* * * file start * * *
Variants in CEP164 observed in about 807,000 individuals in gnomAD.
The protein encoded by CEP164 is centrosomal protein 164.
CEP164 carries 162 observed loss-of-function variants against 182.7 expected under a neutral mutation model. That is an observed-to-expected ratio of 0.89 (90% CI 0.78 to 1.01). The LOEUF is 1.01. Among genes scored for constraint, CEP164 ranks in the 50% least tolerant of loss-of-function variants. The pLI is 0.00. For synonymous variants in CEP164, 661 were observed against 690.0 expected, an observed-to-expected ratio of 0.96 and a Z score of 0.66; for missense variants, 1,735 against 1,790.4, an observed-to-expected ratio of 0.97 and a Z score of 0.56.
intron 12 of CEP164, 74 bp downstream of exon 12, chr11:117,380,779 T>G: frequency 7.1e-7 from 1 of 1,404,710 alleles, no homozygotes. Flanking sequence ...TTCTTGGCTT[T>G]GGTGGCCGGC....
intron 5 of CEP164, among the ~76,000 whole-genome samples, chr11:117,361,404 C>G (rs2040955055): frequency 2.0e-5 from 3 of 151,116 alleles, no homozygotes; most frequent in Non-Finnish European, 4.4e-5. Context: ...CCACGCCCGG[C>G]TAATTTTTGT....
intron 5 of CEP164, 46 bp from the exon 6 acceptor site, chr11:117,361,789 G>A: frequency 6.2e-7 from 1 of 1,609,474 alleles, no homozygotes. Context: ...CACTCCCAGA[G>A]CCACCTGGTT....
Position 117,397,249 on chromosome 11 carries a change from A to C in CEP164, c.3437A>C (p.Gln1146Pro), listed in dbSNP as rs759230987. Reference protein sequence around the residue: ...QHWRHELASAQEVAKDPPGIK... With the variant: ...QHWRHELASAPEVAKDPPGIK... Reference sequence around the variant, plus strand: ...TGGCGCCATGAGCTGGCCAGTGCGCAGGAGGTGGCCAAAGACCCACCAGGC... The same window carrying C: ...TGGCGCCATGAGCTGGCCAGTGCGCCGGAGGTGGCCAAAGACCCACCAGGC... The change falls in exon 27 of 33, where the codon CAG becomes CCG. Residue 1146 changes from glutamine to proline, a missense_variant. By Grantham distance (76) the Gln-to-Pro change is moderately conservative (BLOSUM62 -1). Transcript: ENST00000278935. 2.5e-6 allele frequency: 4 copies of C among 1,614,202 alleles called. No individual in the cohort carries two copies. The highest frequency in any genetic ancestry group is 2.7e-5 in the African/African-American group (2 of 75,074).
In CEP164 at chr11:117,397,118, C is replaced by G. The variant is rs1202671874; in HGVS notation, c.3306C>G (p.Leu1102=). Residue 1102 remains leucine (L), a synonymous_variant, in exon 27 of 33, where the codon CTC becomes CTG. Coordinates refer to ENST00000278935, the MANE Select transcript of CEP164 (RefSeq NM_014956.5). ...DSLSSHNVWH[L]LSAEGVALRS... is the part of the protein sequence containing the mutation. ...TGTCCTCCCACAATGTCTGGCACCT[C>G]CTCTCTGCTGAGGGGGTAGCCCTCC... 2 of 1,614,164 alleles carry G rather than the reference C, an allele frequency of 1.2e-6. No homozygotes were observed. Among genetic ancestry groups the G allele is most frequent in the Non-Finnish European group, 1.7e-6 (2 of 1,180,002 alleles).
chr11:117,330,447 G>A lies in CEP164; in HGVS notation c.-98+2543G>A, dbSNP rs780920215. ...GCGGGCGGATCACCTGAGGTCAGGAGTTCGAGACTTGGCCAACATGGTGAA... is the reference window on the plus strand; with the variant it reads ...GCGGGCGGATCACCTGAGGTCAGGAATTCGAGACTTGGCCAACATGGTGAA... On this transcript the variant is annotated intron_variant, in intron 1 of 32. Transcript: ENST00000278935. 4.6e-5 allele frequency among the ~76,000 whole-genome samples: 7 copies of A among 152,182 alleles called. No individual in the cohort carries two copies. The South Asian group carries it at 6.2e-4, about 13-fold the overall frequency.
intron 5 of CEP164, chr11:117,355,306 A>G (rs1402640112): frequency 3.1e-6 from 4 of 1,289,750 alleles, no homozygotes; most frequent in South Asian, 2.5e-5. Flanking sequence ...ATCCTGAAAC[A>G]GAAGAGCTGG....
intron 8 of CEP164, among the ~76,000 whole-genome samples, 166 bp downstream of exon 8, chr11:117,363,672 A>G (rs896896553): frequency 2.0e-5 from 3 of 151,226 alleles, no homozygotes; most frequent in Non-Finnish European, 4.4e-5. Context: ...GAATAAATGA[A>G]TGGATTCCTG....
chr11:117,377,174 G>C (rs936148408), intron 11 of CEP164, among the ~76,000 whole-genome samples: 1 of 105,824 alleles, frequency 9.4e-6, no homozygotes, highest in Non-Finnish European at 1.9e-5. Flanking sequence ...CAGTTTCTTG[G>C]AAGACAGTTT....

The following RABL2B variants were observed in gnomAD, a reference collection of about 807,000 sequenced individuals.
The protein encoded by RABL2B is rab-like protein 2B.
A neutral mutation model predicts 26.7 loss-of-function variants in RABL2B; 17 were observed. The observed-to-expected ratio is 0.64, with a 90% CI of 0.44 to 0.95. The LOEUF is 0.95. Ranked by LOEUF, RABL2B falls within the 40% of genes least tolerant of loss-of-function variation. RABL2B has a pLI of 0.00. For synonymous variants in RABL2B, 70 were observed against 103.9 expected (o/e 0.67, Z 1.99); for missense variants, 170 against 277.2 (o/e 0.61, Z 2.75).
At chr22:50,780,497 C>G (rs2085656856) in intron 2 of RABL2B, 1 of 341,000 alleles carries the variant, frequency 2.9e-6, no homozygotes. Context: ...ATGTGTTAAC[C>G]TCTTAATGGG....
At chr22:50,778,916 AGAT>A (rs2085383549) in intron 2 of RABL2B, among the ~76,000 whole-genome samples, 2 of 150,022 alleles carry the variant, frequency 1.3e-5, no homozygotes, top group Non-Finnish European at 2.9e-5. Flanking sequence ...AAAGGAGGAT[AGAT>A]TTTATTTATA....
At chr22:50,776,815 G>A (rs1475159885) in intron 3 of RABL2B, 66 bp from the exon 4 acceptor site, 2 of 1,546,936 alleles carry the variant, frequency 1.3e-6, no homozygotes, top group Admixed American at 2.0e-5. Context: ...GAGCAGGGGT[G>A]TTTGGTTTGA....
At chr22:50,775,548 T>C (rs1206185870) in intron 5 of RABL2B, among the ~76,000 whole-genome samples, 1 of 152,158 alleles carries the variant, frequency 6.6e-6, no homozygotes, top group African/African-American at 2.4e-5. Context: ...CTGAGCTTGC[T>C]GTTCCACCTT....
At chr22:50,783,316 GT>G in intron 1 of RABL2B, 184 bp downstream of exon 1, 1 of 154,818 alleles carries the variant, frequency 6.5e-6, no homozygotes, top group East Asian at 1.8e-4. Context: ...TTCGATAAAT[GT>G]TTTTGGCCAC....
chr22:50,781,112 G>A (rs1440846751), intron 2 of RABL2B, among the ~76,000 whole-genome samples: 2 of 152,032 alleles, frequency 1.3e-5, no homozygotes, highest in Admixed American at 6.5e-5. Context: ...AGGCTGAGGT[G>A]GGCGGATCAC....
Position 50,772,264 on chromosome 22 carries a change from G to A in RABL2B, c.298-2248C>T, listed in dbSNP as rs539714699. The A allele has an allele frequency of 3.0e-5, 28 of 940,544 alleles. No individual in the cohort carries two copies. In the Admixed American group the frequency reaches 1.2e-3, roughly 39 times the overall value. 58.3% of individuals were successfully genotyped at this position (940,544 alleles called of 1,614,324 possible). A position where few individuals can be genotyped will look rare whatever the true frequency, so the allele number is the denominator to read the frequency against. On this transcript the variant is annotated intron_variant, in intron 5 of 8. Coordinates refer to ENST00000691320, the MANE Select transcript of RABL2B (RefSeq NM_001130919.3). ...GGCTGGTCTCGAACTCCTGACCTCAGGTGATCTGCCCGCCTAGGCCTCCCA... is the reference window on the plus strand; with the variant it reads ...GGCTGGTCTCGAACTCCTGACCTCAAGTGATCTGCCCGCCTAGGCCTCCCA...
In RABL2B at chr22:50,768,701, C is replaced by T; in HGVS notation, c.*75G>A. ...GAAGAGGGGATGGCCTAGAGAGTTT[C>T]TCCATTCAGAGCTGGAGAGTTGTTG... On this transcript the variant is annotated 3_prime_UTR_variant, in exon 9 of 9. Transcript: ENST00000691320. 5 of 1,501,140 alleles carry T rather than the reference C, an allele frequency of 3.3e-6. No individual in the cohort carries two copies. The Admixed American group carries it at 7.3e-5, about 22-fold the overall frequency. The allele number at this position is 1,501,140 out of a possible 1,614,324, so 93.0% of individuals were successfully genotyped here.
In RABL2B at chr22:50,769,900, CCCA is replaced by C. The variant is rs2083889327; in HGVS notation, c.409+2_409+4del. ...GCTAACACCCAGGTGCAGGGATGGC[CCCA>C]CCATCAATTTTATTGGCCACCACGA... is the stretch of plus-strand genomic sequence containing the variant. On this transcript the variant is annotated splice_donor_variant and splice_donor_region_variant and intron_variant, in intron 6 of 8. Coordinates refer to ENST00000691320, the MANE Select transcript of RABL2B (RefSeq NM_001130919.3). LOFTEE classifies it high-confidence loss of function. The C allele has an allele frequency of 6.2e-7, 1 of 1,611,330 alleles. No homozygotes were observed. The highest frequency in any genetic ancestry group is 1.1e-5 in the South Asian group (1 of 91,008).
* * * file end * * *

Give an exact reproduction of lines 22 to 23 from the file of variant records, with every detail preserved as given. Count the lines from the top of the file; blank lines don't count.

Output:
Position 50,772,264 on chromosome 22 carries a change from G to A in RABL2B, c.298-2248C>T, listed in dbSNP as rs539714699. The A allele has an allele frequency of 3.0e-5, 28 of 940,544 alleles. No individual in the cohort carries two copies. In the Admixed American group the frequency reaches 1.2e-3, roughly 39 times the overall value. 58.3% of individuals were successfully genotyped at this position (940,544 alleles called of 1,614,324 possible). A position where few individuals can be genotyped will look rare whatever the true frequency, so the allele number is the denominator to read the frequency against. On this transcript the variant is annotated intron_variant, in intron 5 of 8. Coordinates refer to ENST00000691320, the MANE Select transcript of RABL2B (RefSeq NM_001130919.3). ...GGCTGGTCTCGAACTCCTGACCTCAGGTGATCTGCCCGCCTAGGCCTCCCA... is the reference window on the plus strand; with the variant it reads ...GGCTGGTCTCGAACTCCTGACCTCAAGTGATCTGCCCGCCTAGGCCTCCCA...
In RABL2B at chr22:50,768,701, C is replaced by T; in HGVS notation, c.*75G>A. ...GAAGAGGGGATGGCCTAGAGAGTTT[C>T]TCCATTCAGAGCTGGAGAGTTGTTG... On this transcript the variant is annotated 3_prime_UTR_variant, in exon 9 of 9. Transcript: ENST00000691320. 5 of 1,501,140 alleles carry T rather than the reference C, an allele frequency of 3.3e-6. No individual in the cohort carries two copies. The Admixed American group carries it at 7.3e-5, about 22-fold the overall frequency. The allele number at this position is 1,501,140 out of a possible 1,614,324, so 93.0% of individuals were successfully genotyped here.